This January marks a major change for the “Building Automation” column in Engineered Systems. After many years of insights and information, our good friend Ken Sinclair is taking a break from column writing, although he will continue to be a regular contributor both online at AutomatedBuildings.com as well as in the pages of Engineered Systems.

And that leads us to the new beginning of this column with joint authorship from Ira Goldschmidt and myself. Both Ira and I are well-recognized in the area of building automation, controls, sustainable design, and intelligent buildings. Our intent with the column is to continue the great work that Ken has started, but to add our insight as designers who are actively working with owners on the challenges of planning and delivering projects on a day-to-day basis.

We recognize that the design and delivery of control systems and intelligent buildings systems is seen as a challenge, but we believe it is essential for the delivery of sustainable and high-performance buildings. We intend to use this column to share our experiences with Engineered Systems readers and hopefully make controls and automation a less daunting challenge.




Planning is an invaluable process, yet we find that when it comes to building automation, many owners do not have a plan. A great general once said, “We don’t plan to fail, but often fail to plan.” Not surprisingly, many of the failures we see are due to a lack of a plan.

So what is involved in developing a plan?

Paul: One of the most important elements in starting a plan is to understand how the owner operates his facilities today and how he would like to operate them in the future. Intelligent building systems and integration allow for vast improvements in efficiency, sustainability, and operations. Often, these fit in well with owner goals for sustainability and improved operations. Understanding both where things are today, and where they need to go, is invaluable in selecting systems and direction.

Ira: It is also important to start the planning process by documenting what is in place today. This includes looking at existing systems, including HVAC control, lighting control, security, energy metering, and associated systems. For each of these systems we look at how well they are operating and at what changes are already under consideration. The documentation usually starts with a review of existing documents then includes a walkthrough to verify what is on-site. When we complete this documentation, we are looking for the vintage of systems, what protocols are in use, and any maintenance or operating problems.

What follows this initial stage of data gathering?

Paul: Analysis! We typically perform both a technical and financial analysis. This includes clarifying and prioritizing goals, budgeting upgrade costs, clarifying benefits, and researching options. The analysis phase often takes several stages, each of which will look at various options, refine them, and prioritize.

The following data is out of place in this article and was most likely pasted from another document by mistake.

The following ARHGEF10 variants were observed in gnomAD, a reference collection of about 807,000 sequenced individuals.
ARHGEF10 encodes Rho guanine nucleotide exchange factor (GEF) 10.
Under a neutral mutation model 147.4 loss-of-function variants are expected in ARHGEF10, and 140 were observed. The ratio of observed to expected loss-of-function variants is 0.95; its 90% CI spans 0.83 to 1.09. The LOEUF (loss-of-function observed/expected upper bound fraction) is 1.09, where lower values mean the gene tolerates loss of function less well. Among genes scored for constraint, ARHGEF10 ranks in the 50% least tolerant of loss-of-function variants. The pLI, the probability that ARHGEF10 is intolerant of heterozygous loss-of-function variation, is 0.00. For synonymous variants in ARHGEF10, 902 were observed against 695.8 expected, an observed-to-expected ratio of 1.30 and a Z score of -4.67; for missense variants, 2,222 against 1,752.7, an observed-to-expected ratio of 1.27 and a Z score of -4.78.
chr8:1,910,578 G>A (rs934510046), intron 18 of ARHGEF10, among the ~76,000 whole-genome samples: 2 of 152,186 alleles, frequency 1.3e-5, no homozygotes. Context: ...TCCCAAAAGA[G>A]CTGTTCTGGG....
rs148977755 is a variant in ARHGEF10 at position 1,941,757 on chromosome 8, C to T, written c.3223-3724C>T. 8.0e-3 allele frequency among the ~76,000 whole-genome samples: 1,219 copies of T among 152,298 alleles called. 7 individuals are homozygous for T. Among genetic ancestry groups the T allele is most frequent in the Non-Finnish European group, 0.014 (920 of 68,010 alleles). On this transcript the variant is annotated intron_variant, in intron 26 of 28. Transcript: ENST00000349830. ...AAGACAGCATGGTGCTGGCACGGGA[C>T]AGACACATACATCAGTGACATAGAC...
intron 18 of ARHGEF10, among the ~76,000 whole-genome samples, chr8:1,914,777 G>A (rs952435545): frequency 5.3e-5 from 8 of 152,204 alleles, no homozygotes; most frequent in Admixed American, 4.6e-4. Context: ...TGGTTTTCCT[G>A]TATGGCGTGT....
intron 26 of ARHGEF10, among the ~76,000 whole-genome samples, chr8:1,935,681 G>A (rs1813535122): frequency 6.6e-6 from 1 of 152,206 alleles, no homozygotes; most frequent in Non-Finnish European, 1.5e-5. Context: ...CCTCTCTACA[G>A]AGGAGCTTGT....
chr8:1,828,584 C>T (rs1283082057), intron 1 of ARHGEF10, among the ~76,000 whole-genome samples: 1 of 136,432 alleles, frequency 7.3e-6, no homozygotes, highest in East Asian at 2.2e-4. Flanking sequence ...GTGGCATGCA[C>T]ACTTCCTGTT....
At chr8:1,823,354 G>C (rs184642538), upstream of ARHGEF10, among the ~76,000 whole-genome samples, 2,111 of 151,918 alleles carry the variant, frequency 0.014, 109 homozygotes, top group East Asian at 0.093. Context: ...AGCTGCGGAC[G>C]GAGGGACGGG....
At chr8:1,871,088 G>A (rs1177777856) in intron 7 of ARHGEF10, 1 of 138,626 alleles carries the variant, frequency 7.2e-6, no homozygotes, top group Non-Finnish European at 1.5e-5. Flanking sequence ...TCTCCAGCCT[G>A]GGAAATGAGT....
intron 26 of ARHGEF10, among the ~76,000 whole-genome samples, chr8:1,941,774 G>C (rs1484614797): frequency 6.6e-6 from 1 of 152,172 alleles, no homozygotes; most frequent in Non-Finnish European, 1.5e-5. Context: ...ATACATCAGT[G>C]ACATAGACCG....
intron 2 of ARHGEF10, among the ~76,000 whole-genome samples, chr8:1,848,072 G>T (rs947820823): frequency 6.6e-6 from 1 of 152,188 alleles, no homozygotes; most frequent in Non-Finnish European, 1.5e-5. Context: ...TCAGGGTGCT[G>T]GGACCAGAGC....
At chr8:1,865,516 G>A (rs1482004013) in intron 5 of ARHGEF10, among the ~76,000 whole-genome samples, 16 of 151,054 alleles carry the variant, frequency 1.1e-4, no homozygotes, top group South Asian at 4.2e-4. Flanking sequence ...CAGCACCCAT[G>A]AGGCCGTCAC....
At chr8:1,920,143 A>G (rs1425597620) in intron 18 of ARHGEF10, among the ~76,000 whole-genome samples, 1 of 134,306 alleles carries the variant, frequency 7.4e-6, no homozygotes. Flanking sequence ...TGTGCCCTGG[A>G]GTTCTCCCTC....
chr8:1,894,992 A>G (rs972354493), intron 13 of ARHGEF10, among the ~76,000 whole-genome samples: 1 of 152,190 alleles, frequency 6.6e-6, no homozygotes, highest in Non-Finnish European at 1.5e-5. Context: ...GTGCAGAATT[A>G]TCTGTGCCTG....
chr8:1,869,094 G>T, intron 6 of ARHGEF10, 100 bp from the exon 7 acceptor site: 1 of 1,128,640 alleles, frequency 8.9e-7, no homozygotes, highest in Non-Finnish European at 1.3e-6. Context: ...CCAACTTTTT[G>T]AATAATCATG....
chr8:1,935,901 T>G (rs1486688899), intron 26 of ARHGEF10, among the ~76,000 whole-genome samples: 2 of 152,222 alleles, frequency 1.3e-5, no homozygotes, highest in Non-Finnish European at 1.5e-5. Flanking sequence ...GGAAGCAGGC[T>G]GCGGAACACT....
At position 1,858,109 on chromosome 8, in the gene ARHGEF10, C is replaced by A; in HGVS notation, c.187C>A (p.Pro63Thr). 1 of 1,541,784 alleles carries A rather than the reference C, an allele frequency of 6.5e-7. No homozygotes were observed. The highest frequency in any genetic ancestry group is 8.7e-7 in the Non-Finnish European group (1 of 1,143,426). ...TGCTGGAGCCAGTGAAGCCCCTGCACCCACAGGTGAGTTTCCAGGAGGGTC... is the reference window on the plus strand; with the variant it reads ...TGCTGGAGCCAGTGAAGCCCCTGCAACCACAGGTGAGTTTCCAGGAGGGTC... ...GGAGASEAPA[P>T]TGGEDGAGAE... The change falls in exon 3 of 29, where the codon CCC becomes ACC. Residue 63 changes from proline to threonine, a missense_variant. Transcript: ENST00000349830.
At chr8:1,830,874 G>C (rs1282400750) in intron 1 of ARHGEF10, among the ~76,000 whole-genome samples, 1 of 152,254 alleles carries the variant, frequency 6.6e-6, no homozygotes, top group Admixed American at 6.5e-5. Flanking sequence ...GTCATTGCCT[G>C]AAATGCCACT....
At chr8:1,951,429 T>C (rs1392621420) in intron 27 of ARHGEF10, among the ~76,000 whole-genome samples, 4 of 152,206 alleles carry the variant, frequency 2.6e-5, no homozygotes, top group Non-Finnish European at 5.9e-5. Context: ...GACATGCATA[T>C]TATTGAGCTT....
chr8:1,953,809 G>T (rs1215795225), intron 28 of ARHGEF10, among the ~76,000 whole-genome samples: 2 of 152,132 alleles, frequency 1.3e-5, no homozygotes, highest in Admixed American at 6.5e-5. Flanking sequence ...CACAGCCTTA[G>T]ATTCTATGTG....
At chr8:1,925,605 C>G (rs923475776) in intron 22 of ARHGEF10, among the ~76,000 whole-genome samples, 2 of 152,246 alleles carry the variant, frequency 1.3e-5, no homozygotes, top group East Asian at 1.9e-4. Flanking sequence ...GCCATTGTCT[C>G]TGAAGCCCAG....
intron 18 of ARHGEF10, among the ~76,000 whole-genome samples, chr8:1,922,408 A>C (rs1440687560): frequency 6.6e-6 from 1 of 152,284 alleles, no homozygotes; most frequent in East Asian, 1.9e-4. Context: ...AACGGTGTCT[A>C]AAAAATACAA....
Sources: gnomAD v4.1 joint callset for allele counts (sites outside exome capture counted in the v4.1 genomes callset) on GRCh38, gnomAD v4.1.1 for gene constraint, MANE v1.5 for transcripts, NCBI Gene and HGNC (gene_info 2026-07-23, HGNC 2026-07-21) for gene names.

Ira: For some owners, this is a fairly straightforward process. For others, it can be more complex, involving changes to networks, systems, and vendors. One of the challenges in this process is that for large institutional owners, many different groups may be involved. As consultants we need to understand the terminology, perspective, and needs of each of these groups. The ideal solution works well for all groups.

So you gather information and then analyze, what follows this?

Paul: Once we have the information and the analysis completed, we typically work toward the development of a master plan. This plan identifies what is in place today plus what should be left in place, upgraded, or replaced. The plan typically contains budgets and schedules for recommended changes.
Ira: One of the nice things about this type of planning is that many owners have ongoing upgrade and construction programs. The use of a master plan allows them to design the next project so that it fits into the master plan. Without this type of plan in place, new projects can become an extension of the existing legacy (or the start of a new legacy) and do not move the owner toward long-term goals.

So then you’re done?

Paul: For most owners, there are several follow-up steps. These include the development of new master documents or specifications, design development guides, and the development of project specific designs.
Ira: Often, we will take the master plan and then pilot selected elements to prove out the approach. The broader approach can then be utilized on follow up projects.



Conclusion

The use of a master plan allows for systems to be upgraded, or replaced over time, resulting in a final solution that meets the owner’s needs and budgets. ES